buy cialis in lahore http://www.pmhccares.org/?ger=generic-viagra-canadian&as=5 Interview and translation by Lena Dorfschmidt
http://www.pmhccares.org/?ger=what-is-the-price-of-viagra&as=5 My name is Sunita, from the village Emtadpur, but now I live in Faridabad, Delhi. I have two daughters and one son. My husband works in a export company.
follow url Our society is male dominated. My aim in life is to help our society to overcome this discrimination of women. This frame of thought is a burden to our society.
follow site I entered Nav Srishti [a women and children’s rights NGO] in 2006, before that I had been giving tuition. I started teaching school drop outs from grade 1 to 5 and enrolled them in MCD [government] schools.
http://river-centre.org/?tos=tachystin-dosierung-viagra&mp=1 When I started working in Nav Srishti, my husband tried to stop me. He would tell me not to go. He didn’t want me to leave the house, because he was worried what people might think. He wanted me to be a house wife. But I wanted to make progress in life. I have learned so much that opened opportunities for me. I can read and write. I want to use these skills.
click Since childhood I wanted to do social work. That is why I ignored my husbands concerns.
http://www.pmpediatrics.org/?med=pfizer-litigation-viagra&bz=4 Business is for people who want to live in the High Society. They work for themselves. They do not help. They help only themselves. I want to help.
http://river-centre.org/?tos=taking-viagra-while-drunk&mp=1 I had to fight my husband [to be able to work].
order viagra soft tabs In 2009 Nav Srishti started a new project under the support of TATA Trust. I joined and worked in the field of education and community mobilization. I had to monitor the community and worked from door to door, informing people about educational opportunities provided by both the government and Nav Srishti. My husband didn’t want me to work outside. He tried to stop me, but I fought him and continued with full commitment.
He was afraid. He said, “What kind of people are you going to meet, the way is so long and people are not nice.” But I wasn’t afraid. I am brave.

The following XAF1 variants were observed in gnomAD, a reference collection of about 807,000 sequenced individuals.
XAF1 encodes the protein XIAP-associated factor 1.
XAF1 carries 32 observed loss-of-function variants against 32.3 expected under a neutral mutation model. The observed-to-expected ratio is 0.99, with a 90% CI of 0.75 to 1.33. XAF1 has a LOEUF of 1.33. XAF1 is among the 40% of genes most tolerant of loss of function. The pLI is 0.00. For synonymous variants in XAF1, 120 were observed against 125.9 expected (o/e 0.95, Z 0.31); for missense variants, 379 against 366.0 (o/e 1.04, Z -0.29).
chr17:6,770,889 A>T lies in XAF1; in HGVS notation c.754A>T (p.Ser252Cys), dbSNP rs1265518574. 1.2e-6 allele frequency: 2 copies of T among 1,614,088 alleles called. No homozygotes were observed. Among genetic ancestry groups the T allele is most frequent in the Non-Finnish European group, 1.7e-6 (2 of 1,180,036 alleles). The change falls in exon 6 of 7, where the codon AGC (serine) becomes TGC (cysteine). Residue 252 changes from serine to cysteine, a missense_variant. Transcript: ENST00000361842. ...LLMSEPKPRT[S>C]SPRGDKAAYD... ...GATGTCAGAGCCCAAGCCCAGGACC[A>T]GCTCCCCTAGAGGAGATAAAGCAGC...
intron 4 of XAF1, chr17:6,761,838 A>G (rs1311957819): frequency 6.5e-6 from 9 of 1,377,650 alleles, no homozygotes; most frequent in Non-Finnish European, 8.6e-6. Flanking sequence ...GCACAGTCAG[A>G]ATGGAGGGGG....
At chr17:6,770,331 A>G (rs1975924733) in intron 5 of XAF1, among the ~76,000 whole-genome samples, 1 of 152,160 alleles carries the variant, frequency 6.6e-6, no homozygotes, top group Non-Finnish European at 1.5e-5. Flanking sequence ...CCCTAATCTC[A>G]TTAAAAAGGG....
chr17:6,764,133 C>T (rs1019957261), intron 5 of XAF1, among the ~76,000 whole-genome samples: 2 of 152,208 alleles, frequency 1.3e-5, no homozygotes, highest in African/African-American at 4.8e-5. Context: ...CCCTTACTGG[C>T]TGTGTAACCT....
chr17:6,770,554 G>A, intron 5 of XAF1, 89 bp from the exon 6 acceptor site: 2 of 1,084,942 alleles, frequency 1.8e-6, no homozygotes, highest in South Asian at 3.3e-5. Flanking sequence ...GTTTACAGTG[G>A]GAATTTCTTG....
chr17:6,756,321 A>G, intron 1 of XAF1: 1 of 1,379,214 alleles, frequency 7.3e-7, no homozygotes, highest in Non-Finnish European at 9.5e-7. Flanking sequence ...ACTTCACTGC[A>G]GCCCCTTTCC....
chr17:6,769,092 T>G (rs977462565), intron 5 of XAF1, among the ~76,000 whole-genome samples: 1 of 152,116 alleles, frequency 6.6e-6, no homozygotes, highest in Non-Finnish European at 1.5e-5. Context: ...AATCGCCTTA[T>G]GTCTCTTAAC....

If I do not go out, if I do not work – who else will? My father was a very special man. He always supported me and worked hard to send me to a private school. I have the privilege of education. I should use it. If I go, maybe more women will join me. That is our fight.
Now I work as a quality coordinator in the Avaz Utao (“Raise your Voice”) project that fights crime against women. Delhi’s government supports this project.
Again starting to work in this new project meant having to fight my husband. The program’s working areas are Neb Sarai, Maidan Garhi and Chattarpur. I am from Faridabad. My husband didn’t want me to travel this far.
This project changed my position in the community. People know me. They share their problems with me, have confidence. They have trust in me. I can do something for them.
At last I want to emphasize that I feel all the effort it cost me to reach where I am now was worth it. If I hadn’t suffered that much for my job, I would be like any other women. I would have never gotten the position in society that I have today. Suffering lets us gain a position in society and enables us to fight male domination.
I can motivate my children. My children depend on me, not my husband. I am not dependent on my husband.
My children learned that studying is important. They know that I want them to be independent.
In future, I want to go on learning. Maybe I can take computer class.
For my children I hope, that they go on studying. And maybe they will even do social work. That though, depends on them.
As an advice for other women, I might say… I may not be well educated, but I am fighting at least for my children’s education.
Without women – where would we be? Chaos. Children would not study any more. They need their mothers.